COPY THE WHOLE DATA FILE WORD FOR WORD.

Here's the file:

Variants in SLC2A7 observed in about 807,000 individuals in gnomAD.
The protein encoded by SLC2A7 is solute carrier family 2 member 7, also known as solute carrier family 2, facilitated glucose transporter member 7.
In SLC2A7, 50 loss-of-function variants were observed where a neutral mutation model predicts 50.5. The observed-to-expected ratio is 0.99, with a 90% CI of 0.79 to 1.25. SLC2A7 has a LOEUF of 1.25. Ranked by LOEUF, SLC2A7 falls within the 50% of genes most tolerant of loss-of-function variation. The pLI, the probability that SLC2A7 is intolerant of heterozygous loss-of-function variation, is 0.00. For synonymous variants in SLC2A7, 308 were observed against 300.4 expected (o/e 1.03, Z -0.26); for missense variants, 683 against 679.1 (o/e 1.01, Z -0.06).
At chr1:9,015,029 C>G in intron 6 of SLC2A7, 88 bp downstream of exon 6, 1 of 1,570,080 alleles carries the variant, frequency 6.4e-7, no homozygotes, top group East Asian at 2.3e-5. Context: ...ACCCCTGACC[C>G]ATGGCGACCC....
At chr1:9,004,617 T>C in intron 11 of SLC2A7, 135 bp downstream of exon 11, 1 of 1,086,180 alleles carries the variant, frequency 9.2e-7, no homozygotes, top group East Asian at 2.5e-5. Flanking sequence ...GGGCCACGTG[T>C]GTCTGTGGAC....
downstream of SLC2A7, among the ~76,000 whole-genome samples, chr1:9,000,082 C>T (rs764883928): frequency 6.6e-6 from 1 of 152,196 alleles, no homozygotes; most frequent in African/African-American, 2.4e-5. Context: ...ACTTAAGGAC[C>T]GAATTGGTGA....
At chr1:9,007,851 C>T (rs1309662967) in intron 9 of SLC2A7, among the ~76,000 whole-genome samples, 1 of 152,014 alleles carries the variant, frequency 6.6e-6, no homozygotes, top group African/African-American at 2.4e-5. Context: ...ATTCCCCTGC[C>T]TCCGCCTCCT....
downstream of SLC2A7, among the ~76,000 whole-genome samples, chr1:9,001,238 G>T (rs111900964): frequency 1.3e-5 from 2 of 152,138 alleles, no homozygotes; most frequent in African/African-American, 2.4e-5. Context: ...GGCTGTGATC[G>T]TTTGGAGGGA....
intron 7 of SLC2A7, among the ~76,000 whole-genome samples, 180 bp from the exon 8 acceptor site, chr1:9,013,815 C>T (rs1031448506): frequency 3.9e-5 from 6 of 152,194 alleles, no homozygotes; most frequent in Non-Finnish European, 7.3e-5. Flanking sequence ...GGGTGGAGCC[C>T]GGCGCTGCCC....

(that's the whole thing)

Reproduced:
Variants in SLC2A7 observed in about 807,000 individuals in gnomAD.
The protein encoded by SLC2A7 is solute carrier family 2 member 7, also known as solute carrier family 2, facilitated glucose transporter member 7.
In SLC2A7, 50 loss-of-function variants were observed where a neutral mutation model predicts 50.5. The observed-to-expected ratio is 0.99, with a 90% CI of 0.79 to 1.25. SLC2A7 has a LOEUF of 1.25. Ranked by LOEUF, SLC2A7 falls within the 50% of genes most tolerant of loss-of-function variation. The pLI, the probability that SLC2A7 is intolerant of heterozygous loss-of-function variation, is 0.00. For synonymous variants in SLC2A7, 308 were observed against 300.4 expected (o/e 1.03, Z -0.26); for missense variants, 683 against 679.1 (o/e 1.01, Z -0.06).
At chr1:9,015,029 C>G in intron 6 of SLC2A7, 88 bp downstream of exon 6, 1 of 1,570,080 alleles carries the variant, frequency 6.4e-7, no homozygotes, top group East Asian at 2.3e-5. Context: ...ACCCCTGACC[C>G]ATGGCGACCC....
At chr1:9,004,617 T>C in intron 11 of SLC2A7, 135 bp downstream of exon 11, 1 of 1,086,180 alleles carries the variant, frequency 9.2e-7, no homozygotes, top group East Asian at 2.5e-5. Flanking sequence ...GGGCCACGTG[T>C]GTCTGTGGAC....
downstream of SLC2A7, among the ~76,000 whole-genome samples, chr1:9,000,082 C>T (rs764883928): frequency 6.6e-6 from 1 of 152,196 alleles, no homozygotes; most frequent in African/African-American, 2.4e-5. Context: ...ACTTAAGGAC[C>T]GAATTGGTGA....
At chr1:9,007,851 C>T (rs1309662967) in intron 9 of SLC2A7, among the ~76,000 whole-genome samples, 1 of 152,014 alleles carries the variant, frequency 6.6e-6, no homozygotes, top group African/African-American at 2.4e-5. Context: ...ATTCCCCTGC[C>T]TCCGCCTCCT....
downstream of SLC2A7, among the ~76,000 whole-genome samples, chr1:9,001,238 G>T (rs111900964): frequency 1.3e-5 from 2 of 152,138 alleles, no homozygotes; most frequent in African/African-American, 2.4e-5. Context: ...GGCTGTGATC[G>T]TTTGGAGGGA....
intron 7 of SLC2A7, among the ~76,000 whole-genome samples, 180 bp from the exon 8 acceptor site, chr1:9,013,815 C>T (rs1031448506): frequency 3.9e-5 from 6 of 152,194 alleles, no homozygotes; most frequent in Non-Finnish European, 7.3e-5. Flanking sequence ...GGGTGGAGCC[C>T]GGCGCTGCCC....